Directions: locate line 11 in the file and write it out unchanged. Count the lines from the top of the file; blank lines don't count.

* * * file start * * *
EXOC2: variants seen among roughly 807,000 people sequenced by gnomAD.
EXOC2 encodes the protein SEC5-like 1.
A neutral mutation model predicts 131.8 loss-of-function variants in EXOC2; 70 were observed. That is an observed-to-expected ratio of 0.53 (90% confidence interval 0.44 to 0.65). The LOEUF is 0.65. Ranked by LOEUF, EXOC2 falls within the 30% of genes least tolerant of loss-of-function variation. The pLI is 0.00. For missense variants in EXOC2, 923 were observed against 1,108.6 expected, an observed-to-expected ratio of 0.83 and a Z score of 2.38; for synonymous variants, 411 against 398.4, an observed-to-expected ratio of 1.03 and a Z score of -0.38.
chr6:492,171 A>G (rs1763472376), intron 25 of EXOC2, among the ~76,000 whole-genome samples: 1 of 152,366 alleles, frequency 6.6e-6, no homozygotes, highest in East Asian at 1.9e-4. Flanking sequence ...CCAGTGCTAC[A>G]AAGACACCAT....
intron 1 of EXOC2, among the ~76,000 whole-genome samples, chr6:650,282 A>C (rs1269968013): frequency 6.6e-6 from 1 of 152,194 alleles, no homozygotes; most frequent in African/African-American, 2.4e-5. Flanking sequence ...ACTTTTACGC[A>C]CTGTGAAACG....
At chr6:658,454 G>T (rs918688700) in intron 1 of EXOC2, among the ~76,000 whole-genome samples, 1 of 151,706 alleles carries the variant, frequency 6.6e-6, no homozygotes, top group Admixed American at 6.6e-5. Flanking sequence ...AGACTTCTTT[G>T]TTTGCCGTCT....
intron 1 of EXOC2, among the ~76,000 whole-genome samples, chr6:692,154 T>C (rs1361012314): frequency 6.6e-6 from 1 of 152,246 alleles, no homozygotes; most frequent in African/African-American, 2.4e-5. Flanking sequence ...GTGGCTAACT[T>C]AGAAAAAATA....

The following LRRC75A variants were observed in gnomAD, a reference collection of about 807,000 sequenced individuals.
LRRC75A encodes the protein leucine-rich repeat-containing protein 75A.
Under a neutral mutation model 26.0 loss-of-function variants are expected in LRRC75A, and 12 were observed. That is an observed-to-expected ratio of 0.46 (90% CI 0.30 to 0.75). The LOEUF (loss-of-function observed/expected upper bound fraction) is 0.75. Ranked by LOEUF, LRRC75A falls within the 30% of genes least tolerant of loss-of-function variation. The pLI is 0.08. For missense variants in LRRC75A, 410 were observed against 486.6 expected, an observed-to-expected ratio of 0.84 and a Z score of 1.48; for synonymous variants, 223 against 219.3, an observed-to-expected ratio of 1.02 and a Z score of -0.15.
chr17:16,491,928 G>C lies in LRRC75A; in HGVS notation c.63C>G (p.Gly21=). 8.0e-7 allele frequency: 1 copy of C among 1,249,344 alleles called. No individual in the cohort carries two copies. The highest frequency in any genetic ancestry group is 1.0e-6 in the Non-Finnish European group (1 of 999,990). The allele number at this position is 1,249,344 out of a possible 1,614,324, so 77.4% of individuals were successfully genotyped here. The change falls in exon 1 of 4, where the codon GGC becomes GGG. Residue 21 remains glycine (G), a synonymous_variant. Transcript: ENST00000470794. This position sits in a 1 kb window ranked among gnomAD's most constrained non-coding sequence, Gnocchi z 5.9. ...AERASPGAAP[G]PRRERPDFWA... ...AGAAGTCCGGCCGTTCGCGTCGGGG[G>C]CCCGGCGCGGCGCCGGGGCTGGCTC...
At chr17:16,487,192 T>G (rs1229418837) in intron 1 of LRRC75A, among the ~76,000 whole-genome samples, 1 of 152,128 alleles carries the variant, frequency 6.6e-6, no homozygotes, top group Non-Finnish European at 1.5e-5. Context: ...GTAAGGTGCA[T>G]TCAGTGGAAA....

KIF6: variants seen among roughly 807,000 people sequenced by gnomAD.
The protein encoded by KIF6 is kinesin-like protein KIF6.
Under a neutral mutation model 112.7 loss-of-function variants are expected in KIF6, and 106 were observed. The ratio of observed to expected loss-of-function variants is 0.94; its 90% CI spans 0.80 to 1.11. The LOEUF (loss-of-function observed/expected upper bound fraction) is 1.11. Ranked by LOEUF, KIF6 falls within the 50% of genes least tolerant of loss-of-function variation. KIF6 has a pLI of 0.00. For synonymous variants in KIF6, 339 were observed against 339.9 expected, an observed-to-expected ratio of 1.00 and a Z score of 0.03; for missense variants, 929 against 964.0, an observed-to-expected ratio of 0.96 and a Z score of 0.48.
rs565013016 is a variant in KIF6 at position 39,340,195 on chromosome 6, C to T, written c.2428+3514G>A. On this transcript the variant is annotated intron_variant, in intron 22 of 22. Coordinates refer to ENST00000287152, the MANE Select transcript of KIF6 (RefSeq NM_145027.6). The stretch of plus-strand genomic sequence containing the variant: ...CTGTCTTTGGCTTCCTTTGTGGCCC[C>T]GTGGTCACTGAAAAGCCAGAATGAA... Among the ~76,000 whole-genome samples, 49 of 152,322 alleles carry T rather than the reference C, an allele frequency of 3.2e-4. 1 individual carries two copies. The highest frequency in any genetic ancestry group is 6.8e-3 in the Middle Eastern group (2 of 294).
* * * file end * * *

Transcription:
chr17:16,491,928 G>C lies in LRRC75A; in HGVS notation c.63C>G (p.Gly21=). 8.0e-7 allele frequency: 1 copy of C among 1,249,344 alleles called. No individual in the cohort carries two copies. The highest frequency in any genetic ancestry group is 1.0e-6 in the Non-Finnish European group (1 of 999,990). The allele number at this position is 1,249,344 out of a possible 1,614,324, so 77.4% of individuals were successfully genotyped here. The change falls in exon 1 of 4, where the codon GGC becomes GGG. Residue 21 remains glycine (G), a synonymous_variant. Transcript: ENST00000470794. This position sits in a 1 kb window ranked among gnomAD's most constrained non-coding sequence, Gnocchi z 5.9. ...AERASPGAAP[G]PRRERPDFWA... ...AGAAGTCCGGCCGTTCGCGTCGGGG[G>C]CCCGGCGCGGCGCCGGGGCTGGCTC...